3.2 Self energising contacts

For circuit breakers designed to carry high currents for short duration up to three seconds, the contacts are usually arranged to have the contact pressure increased by the magnetic forces. The extra pressure helps the contact carry the high currents without lift or melting. Welding is possible as the heat produced by the current can cause surface melting of the contacts. Exceeding the short circuit time rating can result in this type of weld.

4.0 Contact condition

There are large variations in the condition of the contact surface. In the new condition the surface may be silver rich giving cause to a weld situation. After switching current the contact surface can be pitted and tarnished giving rise to changes in contact resistance and susceptibility to welding. While designers try to cover all situations, it is impossible to test for all combinations of contact condition and fault level. A new contact may have a ‘silver rich’ surface, but once it has been switched across a number of normal current cycles the surface may be less susceptible to welding. On the other hand, a contact that has broken large currents may have large peaks formed on the mating surface and again be susceptible to welding.

5.0 Standards

The performance standards for circuit breakers do provide for quite extensive testing over a range of currents to try and ensure that satisfactory performance is obtained. For the testing specified in the circuit breaker standard, AS60947.2 a welded contact would fail to comply. However, the risk of contact welding in service is recognised and it is a requirement the circuit breaker mechanism design is such that it cannot indicate it is open when the contacts are welded.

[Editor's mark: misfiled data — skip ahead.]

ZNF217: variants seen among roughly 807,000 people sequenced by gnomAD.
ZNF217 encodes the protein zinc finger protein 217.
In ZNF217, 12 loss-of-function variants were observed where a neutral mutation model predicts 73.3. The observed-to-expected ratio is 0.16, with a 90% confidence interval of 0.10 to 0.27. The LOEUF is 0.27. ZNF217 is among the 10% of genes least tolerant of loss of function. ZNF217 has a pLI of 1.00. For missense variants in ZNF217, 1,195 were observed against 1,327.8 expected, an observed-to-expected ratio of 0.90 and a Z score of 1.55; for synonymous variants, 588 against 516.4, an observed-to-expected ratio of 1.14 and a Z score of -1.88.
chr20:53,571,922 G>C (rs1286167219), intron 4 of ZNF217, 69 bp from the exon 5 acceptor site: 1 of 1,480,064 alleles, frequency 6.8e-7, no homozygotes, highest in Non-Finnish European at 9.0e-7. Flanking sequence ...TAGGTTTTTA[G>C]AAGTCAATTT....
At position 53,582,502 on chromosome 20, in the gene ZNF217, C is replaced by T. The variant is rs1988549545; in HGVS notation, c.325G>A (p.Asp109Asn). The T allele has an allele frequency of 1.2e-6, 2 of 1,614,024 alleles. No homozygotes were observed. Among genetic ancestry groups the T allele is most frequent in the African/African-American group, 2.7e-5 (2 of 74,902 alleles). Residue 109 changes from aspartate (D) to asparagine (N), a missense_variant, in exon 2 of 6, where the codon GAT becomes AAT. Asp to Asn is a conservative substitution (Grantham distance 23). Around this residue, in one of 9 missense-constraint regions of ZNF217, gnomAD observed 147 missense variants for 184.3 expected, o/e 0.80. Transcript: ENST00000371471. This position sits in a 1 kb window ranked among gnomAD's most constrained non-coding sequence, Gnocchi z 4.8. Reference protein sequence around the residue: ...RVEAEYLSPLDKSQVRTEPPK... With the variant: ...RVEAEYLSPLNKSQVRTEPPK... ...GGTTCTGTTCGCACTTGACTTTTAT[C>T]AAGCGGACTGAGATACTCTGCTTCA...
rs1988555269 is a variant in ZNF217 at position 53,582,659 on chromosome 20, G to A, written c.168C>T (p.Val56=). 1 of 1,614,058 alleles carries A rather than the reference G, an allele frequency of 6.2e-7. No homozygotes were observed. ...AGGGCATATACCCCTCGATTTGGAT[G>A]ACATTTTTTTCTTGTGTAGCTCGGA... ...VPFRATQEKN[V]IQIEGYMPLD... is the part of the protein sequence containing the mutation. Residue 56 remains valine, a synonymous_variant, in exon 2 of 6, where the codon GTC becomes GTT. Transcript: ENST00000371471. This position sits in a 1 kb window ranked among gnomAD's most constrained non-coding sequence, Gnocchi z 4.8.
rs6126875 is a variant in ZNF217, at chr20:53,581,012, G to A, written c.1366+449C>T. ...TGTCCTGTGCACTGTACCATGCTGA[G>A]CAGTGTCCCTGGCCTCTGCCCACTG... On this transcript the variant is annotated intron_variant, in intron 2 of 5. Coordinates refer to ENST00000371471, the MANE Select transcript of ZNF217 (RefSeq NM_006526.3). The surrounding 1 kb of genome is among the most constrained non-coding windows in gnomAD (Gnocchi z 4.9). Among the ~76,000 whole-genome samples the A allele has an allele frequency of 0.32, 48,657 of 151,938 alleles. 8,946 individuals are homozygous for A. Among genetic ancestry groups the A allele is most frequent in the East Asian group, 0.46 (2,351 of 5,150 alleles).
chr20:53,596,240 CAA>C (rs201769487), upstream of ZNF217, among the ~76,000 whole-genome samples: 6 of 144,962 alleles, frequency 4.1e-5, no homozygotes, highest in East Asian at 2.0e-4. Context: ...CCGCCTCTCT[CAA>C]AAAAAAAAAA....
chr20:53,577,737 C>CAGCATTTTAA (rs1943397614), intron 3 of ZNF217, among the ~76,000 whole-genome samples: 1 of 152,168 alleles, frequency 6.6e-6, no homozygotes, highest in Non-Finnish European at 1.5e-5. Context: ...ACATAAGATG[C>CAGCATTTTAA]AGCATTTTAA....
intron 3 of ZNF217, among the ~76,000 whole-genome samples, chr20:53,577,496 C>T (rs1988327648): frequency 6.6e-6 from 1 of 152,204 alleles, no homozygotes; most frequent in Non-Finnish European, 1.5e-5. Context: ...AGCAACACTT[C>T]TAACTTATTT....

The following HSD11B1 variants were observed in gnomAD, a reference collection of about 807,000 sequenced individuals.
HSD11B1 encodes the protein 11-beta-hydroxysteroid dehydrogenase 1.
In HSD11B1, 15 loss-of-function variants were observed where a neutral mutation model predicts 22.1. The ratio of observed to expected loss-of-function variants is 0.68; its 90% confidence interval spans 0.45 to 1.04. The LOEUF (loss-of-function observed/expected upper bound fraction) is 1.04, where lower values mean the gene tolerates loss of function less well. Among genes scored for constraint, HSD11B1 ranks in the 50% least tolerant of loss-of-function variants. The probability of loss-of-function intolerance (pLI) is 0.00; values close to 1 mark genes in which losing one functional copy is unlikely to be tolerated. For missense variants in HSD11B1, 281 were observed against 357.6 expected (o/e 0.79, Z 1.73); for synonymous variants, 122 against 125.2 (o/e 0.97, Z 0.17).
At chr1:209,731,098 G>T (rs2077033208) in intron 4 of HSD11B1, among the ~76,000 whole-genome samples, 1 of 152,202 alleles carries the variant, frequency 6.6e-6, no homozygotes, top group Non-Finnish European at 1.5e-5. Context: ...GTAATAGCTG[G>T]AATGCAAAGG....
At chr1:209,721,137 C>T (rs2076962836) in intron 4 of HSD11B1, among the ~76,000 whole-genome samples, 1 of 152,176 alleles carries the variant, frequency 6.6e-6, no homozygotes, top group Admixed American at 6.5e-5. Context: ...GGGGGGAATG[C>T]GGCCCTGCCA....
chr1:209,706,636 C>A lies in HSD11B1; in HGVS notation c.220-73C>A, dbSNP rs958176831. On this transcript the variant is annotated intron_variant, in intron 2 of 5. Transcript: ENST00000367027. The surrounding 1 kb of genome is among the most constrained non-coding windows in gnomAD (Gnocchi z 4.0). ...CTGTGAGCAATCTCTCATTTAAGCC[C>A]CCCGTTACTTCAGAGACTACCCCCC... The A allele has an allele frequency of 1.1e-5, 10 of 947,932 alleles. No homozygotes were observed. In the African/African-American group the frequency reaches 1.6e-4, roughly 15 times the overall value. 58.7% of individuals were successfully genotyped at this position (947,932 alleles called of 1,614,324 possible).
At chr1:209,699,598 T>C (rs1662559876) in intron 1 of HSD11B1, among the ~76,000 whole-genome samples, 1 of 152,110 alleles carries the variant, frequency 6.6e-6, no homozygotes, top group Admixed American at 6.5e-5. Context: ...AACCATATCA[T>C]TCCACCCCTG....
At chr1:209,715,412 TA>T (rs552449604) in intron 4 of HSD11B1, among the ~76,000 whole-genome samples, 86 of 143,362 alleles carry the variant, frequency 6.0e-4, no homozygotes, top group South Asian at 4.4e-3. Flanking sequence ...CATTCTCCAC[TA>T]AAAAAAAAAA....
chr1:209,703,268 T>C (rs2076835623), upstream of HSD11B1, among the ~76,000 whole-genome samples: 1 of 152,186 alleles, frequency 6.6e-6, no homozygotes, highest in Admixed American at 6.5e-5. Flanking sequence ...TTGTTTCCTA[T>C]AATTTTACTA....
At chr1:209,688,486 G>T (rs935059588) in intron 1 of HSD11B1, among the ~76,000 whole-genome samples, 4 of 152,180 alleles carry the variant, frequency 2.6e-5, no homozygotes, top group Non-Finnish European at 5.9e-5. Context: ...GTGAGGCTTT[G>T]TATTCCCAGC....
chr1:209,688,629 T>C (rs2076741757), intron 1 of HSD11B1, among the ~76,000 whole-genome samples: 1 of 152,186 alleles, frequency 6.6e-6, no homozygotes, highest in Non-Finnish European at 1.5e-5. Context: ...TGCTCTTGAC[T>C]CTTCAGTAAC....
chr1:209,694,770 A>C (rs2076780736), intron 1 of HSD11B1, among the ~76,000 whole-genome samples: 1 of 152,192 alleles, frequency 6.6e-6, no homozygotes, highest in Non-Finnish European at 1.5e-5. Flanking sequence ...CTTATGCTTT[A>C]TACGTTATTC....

6.0 Other devices

6.1 Switches

To avoid contact welds in switches, the rating must be coordinated with the fault level and the protection device. A conditional short circuit rating is normally provided for the switch by the manufacturer. This rating specifies the maximum short circuit level when used with a particular backup device. Generally, there are two types of switch contact arrangement. The simple butt contact arrangement that will lift during a fault and the blade type that is arranged to not lift. For critical applications, the switch selection is important.

6.2 Contactors

Contactors are designed to switch normal load currents repeatedly. To achieve this, the closing mechanism is kept as simple as possible and forces are kept low to prolong mechanical life. This reduces the ability to withstand short circuits without contact welding. Under short circuit conditions it is normal to have contact lift and arcing, creating the ideal conditions for a weld. The opening operation may break the weld, but it is common for the contactor to need servicing to break a weld.

7.0 After a fault

As discussed above short circuit or pulse currents can cause welding. After any fault it is wise to check the operation of all switching components exposed to the fault. Contactors are the most vulnerable followed by switches. Load break switches and circuit breakers are generally quite okay but it is wise to check that they will turn off. In multi-pole devices it is possible to get one contact welded and this contact holds the other contacts just touching.
This situation causes overheating and fairly rapid destruction.

8.0 Conclusion

While contact welding is quite rare, it does occur. Manufacturers design to minimise the risk of welding, but it is impossible to test for all conditions. Correct component selection and correct maintenance procedures after a fault can greatly reduce the undesirable consequences of a weld.
A basic understanding of the problem allows better diagnosis.